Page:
THE Food & Drug Administration issued a statement of caution April 22 regarding the interpretation of antimicrobial resistance data.
The FDA statement came on the heels of a recent Environmental Working Group (EWG) report of its interpretation of the "2011 Retail Meat Annual Report" of the National Antimicrobial Resistance Monitoring System (NARMS).
While FDA said it is always concerned about antimicrobial resistance, the agency believes the EWG report oversimplifies the NARMS data and provides misleading conclusions. FDA said it does not believe that EWG fully considered important factors that put these results into context, including:
* Whether the bacterium is a foodborne pathogen. The report highlights resistance to enterococcus, but this is not considered a foodborne pathogen. Instead, FDA includes it because its behavior is helpful in understanding how resistance occurs.
* Which drug(s) the bacterium is naturally resistant to. For example, most Enterococcus faecalis is naturally resistant to the antibiotic class of lincosamides. Because this resistance is known and expected, FDA is not as concerned with resistance in this species as it would be with resistance in true pathogens like salmonella and campylobacter.
* Why NARMS includes certain drugs in its testing design. Some antibiotics are included for epidemiology purposes -- to track the spread of certain bacteria or genes -- but resistance to them doesn't reflect a danger to public health.
* Whether the antibiotics commonly used to treat patients are still effective. NARMS data indicate that first-line treatments for all four bacteria that are tracked (salmonella, enterococcus, Escherichia coli and campylobacter) are still effective.
* What the 2011 data indicate relative to similar data reported for prior years.
Additionally, FDA said it believes it is inaccurate and alarmist to define bacteria that are resistant to one or a few antimicrobials as "superbugs" if these same bacteria are still treatable by other commonly used antibiotics. This is especially misleading when speaking of bacteria that do not cause foodborne disease and have natural resistances, such as enterococcus.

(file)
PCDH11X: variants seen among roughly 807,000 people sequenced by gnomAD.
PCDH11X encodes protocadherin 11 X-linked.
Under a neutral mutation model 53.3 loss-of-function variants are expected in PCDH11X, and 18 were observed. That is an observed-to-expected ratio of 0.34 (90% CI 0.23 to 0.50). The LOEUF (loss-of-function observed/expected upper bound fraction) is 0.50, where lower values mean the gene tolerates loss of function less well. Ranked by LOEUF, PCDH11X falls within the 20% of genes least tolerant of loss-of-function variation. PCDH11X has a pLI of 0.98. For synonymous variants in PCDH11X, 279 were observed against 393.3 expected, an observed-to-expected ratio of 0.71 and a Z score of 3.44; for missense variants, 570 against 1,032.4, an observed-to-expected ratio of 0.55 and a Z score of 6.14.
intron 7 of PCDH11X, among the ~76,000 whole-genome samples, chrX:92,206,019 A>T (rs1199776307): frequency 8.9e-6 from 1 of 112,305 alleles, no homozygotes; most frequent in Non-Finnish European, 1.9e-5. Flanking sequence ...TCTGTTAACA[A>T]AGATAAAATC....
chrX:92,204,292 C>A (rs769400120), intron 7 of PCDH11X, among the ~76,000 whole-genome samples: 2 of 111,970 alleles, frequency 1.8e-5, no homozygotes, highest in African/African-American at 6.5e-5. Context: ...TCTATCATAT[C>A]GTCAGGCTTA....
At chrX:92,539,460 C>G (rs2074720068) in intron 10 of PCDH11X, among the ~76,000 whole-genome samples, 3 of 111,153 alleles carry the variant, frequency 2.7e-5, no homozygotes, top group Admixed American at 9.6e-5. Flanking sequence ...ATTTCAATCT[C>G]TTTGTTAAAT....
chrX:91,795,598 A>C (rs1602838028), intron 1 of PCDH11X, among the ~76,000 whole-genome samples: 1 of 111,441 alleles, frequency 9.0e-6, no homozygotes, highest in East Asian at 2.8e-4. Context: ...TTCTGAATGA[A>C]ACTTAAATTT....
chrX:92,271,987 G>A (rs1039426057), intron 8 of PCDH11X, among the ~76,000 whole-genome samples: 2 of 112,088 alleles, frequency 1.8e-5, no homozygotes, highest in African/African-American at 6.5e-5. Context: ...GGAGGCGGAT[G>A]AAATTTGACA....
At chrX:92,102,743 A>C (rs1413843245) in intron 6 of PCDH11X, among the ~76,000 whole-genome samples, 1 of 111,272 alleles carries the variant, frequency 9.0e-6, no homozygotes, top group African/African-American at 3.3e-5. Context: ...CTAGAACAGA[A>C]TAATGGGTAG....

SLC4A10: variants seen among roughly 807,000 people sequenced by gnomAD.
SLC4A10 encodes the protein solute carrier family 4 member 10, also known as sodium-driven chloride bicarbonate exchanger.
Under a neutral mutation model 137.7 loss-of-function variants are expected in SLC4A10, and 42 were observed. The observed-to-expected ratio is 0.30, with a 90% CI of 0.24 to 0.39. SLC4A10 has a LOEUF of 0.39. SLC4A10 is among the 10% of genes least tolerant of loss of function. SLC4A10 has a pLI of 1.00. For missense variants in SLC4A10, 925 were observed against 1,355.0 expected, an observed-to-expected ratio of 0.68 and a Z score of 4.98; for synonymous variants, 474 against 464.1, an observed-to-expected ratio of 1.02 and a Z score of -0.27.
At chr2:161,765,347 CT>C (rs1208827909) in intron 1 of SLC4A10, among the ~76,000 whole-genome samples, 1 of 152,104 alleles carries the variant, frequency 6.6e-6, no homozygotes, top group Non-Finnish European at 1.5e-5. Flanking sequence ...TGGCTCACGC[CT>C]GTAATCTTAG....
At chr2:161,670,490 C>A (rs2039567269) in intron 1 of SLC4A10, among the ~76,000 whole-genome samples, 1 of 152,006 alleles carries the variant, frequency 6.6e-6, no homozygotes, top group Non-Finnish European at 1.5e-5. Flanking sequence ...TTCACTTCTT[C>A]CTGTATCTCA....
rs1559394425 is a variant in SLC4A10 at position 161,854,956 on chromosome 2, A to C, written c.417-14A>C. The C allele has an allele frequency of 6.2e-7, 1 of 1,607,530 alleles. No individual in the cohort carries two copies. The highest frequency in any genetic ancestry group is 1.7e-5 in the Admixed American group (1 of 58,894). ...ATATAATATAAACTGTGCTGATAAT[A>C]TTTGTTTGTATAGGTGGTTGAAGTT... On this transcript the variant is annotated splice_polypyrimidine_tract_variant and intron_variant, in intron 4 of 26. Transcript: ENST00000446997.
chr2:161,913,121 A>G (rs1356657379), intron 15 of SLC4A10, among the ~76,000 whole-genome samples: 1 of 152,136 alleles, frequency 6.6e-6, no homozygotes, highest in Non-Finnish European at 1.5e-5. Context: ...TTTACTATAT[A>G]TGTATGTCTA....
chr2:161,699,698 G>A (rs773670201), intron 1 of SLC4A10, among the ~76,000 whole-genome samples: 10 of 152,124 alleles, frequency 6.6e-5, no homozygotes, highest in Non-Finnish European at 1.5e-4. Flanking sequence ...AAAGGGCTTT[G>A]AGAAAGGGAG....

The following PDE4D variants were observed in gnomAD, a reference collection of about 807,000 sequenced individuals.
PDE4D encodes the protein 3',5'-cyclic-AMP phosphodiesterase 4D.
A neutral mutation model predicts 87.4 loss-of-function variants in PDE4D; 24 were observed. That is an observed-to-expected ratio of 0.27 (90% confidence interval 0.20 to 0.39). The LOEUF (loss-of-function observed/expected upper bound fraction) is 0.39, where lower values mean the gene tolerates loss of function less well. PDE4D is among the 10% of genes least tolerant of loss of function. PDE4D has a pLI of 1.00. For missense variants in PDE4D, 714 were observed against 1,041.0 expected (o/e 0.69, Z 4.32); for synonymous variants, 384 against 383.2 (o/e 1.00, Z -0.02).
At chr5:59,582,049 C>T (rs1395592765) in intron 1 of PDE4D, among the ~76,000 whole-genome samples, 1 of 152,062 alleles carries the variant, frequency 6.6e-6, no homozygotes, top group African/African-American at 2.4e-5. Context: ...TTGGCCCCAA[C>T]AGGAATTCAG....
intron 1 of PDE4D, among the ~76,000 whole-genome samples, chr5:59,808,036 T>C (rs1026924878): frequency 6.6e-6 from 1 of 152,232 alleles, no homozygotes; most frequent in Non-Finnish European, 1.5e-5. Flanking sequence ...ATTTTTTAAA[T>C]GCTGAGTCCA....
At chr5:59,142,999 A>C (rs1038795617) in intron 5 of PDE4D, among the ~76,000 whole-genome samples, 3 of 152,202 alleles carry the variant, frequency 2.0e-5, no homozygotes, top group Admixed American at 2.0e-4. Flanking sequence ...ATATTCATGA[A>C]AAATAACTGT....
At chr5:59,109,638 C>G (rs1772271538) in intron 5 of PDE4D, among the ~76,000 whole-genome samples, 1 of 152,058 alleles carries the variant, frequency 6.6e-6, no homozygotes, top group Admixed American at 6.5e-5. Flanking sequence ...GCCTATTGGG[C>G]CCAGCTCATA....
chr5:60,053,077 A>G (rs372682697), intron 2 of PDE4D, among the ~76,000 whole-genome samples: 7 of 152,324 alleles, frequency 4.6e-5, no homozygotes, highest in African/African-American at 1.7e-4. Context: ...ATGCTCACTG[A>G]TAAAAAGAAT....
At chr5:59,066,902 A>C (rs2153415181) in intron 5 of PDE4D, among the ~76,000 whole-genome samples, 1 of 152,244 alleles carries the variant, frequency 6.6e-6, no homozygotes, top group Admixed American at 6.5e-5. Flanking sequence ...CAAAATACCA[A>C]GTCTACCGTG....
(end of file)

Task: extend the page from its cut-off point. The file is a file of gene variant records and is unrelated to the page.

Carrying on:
When taking such factors into account, FDA said it believes the notable findings in the 2011 NARMS report include:
* In the critically important class of fluoroquinolone antimicrobials, the 2011 data showed no fluoroquinolone resistance in salmonella from any source. This is the drug of choice for treating adults with salmonella.
* Fluoroquinolone resistance in campylobacter has stopped increasing and has remained essentially unchanged since FDA withdrew the use of this drug class in poultry in 2005. Trimethoprim-sulfonamide is another drug used to treat salmonella infections, and resistance remains low (at 0-3.7%).
* Macrolide antibiotic resistance in retail chicken isolates remains low, with 2011 results at 0.5% of Campylobacter jejuni and 4.3% of Campylobacter coli. The macrolide antibiotic erythromycin is the drug of choice for treating campylobacter infections.
* Multi-drug resistance is rare in campylobacter. Only nine out of 634 campylobacter isolates from poultry were resistant to three or more antimicrobial classes in 2011. However, gentamicin resistance in C. coli markedly increased from 0.7% in 2007 (when it first appeared in the NARMS retail meat report) to 18.1% in 2011. Gentamicin has been suggested as a possible second-line therapy for campylobacter infections, although it is not commonly used.
* Between 2002 and 2011, resistance to third-generation cephalosporins, which are used to treat salmonellosis, has increased in salmonella from chicken (from 10.0% to 33.5%) and turkey (from 8.1% to 22.4%) meats. FDA noted this development in previous years and has already taken action by prohibiting certain extra-label uses of cephalosporins in cows, pigs, chickens and turkeys and continues to closely monitor resistance to these drugs.
FDA reiterated that antimicrobial resistance is a serious and challenging issue and noted that it is critically important to continue efforts to minimize antimicrobial resistance, including promoting appropriate and judicious use of antimicrobials in both humans and animals.
More details on FDA's statement can be found online at www.fda.gov/AnimalVeterinary/NewsEvents/CVMUpdates/ucm348794.htm?source=govdelivery.
In response to FDA's statement, the Animal Health Institute said, "The Animal Health Institute applauds FDA for setting the record straight with regard to EWG's report conclusions and further underscoring the importance of providing consumers with factual and accurate information. ... Antimicrobial resistance is a challenging issue and one our industry takes seriously. We work to ensure that veterinarians and farmers use antibiotics responsibly to keep animals healthy while protecting public health."